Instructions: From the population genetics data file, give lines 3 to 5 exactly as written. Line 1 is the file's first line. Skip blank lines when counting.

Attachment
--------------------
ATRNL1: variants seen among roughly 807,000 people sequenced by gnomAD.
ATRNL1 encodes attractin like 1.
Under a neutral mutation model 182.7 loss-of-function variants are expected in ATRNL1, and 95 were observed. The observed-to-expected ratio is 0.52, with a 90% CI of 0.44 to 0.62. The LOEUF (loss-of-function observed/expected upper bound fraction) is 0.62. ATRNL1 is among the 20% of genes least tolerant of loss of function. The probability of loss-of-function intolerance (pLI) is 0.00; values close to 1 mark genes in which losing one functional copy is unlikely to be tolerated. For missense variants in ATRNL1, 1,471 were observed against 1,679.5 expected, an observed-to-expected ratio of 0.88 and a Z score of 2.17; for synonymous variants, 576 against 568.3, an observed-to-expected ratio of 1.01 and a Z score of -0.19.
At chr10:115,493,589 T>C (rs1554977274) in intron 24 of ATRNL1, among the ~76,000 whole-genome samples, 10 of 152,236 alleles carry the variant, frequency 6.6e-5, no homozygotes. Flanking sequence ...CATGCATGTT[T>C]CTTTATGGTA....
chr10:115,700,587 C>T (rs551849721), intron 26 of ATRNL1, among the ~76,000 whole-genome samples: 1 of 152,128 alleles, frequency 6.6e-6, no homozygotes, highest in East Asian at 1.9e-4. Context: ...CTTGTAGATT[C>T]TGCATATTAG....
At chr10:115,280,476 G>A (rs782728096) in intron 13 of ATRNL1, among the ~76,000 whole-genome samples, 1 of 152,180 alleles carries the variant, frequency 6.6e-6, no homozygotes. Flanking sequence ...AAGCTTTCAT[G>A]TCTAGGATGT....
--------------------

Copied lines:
Under a neutral mutation model 182.7 loss-of-function variants are expected in ATRNL1, and 95 were observed. The observed-to-expected ratio is 0.52, with a 90% CI of 0.44 to 0.62. The LOEUF (loss-of-function observed/expected upper bound fraction) is 0.62. ATRNL1 is among the 20% of genes least tolerant of loss of function. The probability of loss-of-function intolerance (pLI) is 0.00; values close to 1 mark genes in which losing one functional copy is unlikely to be tolerated. For missense variants in ATRNL1, 1,471 were observed against 1,679.5 expected, an observed-to-expected ratio of 0.88 and a Z score of 2.17; for synonymous variants, 576 against 568.3, an observed-to-expected ratio of 1.01 and a Z score of -0.19.
At chr10:115,493,589 T>C (rs1554977274) in intron 24 of ATRNL1, among the ~76,000 whole-genome samples, 10 of 152,236 alleles carry the variant, frequency 6.6e-5, no homozygotes. Flanking sequence ...CATGCATGTT[T>C]CTTTATGGTA....
chr10:115,700,587 C>T (rs551849721), intron 26 of ATRNL1, among the ~76,000 whole-genome samples: 1 of 152,128 alleles, frequency 6.6e-6, no homozygotes, highest in East Asian at 1.9e-4. Context: ...CTTGTAGATT[C>T]TGCATATTAG....